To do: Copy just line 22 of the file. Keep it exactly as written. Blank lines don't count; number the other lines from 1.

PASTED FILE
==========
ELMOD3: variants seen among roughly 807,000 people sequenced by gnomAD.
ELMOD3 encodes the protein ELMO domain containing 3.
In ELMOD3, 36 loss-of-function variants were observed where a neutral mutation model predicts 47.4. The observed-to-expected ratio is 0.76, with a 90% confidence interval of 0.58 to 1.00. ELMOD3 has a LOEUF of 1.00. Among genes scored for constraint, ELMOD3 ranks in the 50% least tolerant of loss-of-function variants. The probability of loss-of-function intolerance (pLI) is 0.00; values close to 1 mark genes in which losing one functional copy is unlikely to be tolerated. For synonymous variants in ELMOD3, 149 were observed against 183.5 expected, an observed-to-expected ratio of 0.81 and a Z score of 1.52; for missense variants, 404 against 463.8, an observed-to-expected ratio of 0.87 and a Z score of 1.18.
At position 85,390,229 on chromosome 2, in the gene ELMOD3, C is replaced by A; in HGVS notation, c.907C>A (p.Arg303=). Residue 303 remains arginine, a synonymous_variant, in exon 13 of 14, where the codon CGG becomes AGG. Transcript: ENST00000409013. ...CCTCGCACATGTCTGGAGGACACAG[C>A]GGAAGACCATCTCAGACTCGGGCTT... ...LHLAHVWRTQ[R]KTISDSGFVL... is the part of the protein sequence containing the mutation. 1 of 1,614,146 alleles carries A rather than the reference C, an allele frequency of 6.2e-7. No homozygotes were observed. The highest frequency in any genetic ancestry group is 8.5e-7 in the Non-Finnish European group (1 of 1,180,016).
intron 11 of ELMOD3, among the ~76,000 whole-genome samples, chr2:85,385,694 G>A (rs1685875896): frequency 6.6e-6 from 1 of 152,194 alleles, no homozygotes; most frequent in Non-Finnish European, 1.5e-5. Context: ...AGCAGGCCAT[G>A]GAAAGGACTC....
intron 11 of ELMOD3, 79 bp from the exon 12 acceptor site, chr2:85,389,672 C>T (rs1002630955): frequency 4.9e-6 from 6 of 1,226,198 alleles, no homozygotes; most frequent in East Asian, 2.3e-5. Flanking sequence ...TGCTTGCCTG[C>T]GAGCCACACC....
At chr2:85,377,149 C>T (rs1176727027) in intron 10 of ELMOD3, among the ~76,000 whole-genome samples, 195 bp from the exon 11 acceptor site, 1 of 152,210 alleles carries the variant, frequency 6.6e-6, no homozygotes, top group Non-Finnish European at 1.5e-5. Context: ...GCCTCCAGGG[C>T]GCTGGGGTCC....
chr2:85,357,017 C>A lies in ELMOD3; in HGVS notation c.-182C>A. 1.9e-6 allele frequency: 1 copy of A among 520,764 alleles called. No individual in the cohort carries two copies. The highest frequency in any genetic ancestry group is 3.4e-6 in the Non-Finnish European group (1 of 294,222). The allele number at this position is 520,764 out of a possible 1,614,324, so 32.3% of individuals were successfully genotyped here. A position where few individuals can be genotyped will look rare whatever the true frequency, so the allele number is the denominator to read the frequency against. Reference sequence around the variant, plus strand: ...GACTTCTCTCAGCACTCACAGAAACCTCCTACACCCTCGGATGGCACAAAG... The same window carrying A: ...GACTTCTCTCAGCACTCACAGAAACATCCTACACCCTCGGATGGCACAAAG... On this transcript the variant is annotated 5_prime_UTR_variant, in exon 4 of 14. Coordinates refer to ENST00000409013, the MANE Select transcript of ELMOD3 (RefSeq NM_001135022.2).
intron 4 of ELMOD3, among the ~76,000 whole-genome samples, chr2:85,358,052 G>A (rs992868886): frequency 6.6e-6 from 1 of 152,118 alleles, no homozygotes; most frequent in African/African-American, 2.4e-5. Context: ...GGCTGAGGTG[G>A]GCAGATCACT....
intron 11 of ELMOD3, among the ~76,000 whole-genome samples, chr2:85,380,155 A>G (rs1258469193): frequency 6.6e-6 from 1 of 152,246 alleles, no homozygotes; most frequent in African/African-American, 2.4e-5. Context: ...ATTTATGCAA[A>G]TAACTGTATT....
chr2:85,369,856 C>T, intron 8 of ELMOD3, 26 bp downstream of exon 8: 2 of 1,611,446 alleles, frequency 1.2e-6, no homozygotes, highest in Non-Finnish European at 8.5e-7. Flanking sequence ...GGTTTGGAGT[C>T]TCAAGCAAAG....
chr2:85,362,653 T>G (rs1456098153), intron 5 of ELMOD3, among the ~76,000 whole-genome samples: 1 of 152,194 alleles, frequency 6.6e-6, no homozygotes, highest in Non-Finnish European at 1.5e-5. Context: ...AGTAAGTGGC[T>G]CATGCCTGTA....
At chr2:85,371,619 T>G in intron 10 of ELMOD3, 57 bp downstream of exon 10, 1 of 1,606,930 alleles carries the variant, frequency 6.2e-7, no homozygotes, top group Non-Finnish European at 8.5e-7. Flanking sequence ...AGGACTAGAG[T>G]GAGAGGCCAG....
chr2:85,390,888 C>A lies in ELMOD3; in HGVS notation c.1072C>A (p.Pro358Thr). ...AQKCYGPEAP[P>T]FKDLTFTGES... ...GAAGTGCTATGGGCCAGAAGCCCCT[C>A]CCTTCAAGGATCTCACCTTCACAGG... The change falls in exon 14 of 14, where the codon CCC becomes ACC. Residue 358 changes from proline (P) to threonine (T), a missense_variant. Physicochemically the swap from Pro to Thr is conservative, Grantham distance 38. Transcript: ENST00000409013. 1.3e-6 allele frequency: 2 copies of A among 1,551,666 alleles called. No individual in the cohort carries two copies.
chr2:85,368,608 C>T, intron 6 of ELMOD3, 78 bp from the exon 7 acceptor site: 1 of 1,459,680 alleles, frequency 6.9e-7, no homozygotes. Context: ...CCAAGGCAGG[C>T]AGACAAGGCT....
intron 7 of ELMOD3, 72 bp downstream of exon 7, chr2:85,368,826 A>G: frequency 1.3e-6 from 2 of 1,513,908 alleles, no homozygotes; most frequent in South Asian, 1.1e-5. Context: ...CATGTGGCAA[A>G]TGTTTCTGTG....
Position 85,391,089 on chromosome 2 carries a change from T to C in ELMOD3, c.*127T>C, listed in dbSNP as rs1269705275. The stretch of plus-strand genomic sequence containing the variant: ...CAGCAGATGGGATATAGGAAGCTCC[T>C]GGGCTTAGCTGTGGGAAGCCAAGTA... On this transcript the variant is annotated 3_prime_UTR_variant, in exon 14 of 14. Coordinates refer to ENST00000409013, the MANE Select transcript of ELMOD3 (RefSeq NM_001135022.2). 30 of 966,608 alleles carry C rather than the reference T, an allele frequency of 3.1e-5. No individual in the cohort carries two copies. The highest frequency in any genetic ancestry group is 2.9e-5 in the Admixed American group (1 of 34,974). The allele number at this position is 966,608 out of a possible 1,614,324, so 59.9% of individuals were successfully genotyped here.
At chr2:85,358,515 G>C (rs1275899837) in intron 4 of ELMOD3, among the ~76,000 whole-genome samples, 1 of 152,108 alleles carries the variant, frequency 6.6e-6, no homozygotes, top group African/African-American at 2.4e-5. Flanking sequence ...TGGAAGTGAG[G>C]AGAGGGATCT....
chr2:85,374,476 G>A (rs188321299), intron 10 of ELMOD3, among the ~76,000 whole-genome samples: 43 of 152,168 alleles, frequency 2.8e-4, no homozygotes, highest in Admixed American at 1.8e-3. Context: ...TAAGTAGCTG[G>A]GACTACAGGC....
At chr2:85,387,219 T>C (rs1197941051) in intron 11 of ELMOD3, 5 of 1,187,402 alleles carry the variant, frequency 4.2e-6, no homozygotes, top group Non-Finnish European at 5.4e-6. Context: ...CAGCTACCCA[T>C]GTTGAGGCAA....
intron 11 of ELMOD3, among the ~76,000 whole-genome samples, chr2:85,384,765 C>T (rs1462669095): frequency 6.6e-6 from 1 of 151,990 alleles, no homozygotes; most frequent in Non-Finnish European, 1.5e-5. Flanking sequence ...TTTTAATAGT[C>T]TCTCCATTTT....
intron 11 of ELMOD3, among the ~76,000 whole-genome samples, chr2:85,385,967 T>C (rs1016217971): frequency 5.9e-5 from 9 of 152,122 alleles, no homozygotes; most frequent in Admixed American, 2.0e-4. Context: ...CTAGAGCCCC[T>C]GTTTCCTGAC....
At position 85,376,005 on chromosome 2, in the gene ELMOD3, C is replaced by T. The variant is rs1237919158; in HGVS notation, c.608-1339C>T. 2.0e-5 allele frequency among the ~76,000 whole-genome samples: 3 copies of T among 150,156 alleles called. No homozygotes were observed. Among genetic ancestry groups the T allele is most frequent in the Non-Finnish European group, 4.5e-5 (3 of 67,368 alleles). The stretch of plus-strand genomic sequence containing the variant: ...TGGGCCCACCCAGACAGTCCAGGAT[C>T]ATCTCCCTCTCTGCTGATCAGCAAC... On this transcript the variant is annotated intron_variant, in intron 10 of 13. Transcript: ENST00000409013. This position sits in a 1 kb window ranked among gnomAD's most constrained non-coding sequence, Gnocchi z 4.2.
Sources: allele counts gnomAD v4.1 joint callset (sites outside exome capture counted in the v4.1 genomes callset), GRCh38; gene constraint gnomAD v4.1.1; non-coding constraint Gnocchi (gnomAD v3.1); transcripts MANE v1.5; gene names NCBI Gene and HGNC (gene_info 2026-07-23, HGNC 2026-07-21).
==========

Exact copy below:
intron 11 of ELMOD3, among the ~76,000 whole-genome samples, chr2:85,385,967 T>C (rs1016217971): frequency 5.9e-5 from 9 of 152,122 alleles, no homozygotes; most frequent in Admixed American, 2.0e-4. Context: ...CTAGAGCCCC[T>C]GTTTCCTGAC....